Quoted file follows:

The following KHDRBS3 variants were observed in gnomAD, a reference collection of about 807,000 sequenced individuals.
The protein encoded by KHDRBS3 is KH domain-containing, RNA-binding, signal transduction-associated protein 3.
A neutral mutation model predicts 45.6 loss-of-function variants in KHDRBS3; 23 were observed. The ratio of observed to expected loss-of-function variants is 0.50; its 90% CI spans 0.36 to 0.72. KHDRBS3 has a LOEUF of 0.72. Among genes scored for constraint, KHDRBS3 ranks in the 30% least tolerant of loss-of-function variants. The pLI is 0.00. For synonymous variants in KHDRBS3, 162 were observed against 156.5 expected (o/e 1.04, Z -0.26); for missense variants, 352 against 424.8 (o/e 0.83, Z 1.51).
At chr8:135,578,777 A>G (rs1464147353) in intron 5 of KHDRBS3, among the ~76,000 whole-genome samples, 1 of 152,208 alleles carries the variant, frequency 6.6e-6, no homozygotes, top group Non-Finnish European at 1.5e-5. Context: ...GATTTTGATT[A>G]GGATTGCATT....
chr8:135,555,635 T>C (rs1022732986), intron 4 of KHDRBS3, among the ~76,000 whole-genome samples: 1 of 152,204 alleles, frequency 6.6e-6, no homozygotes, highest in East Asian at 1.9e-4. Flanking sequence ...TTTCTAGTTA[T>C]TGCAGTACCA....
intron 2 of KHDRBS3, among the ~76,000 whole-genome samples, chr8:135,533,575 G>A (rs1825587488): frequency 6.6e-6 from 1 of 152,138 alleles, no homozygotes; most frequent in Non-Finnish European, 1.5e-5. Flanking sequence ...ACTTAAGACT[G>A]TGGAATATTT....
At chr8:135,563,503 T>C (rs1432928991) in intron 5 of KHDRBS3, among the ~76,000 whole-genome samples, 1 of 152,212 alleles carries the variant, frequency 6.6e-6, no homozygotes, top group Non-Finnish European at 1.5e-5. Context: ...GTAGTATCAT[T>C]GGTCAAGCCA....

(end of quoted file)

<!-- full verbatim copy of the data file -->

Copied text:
The following KHDRBS3 variants were observed in gnomAD, a reference collection of about 807,000 sequenced individuals.
The protein encoded by KHDRBS3 is KH domain-containing, RNA-binding, signal transduction-associated protein 3.
A neutral mutation model predicts 45.6 loss-of-function variants in KHDRBS3; 23 were observed. The ratio of observed to expected loss-of-function variants is 0.50; its 90% CI spans 0.36 to 0.72. KHDRBS3 has a LOEUF of 0.72. Among genes scored for constraint, KHDRBS3 ranks in the 30% least tolerant of loss-of-function variants. The pLI is 0.00. For synonymous variants in KHDRBS3, 162 were observed against 156.5 expected (o/e 1.04, Z -0.26); for missense variants, 352 against 424.8 (o/e 0.83, Z 1.51).
At chr8:135,578,777 A>G (rs1464147353) in intron 5 of KHDRBS3, among the ~76,000 whole-genome samples, 1 of 152,208 alleles carries the variant, frequency 6.6e-6, no homozygotes, top group Non-Finnish European at 1.5e-5. Context: ...GATTTTGATT[A>G]GGATTGCATT....
chr8:135,555,635 T>C (rs1022732986), intron 4 of KHDRBS3, among the ~76,000 whole-genome samples: 1 of 152,204 alleles, frequency 6.6e-6, no homozygotes, highest in East Asian at 1.9e-4. Flanking sequence ...TTTCTAGTTA[T>C]TGCAGTACCA....
intron 2 of KHDRBS3, among the ~76,000 whole-genome samples, chr8:135,533,575 G>A (rs1825587488): frequency 6.6e-6 from 1 of 152,138 alleles, no homozygotes; most frequent in Non-Finnish European, 1.5e-5. Flanking sequence ...ACTTAAGACT[G>A]TGGAATATTT....
At chr8:135,563,503 T>C (rs1432928991) in intron 5 of KHDRBS3, among the ~76,000 whole-genome samples, 1 of 152,212 alleles carries the variant, frequency 6.6e-6, no homozygotes, top group Non-Finnish European at 1.5e-5. Context: ...GTAGTATCAT[T>C]GGTCAAGCCA....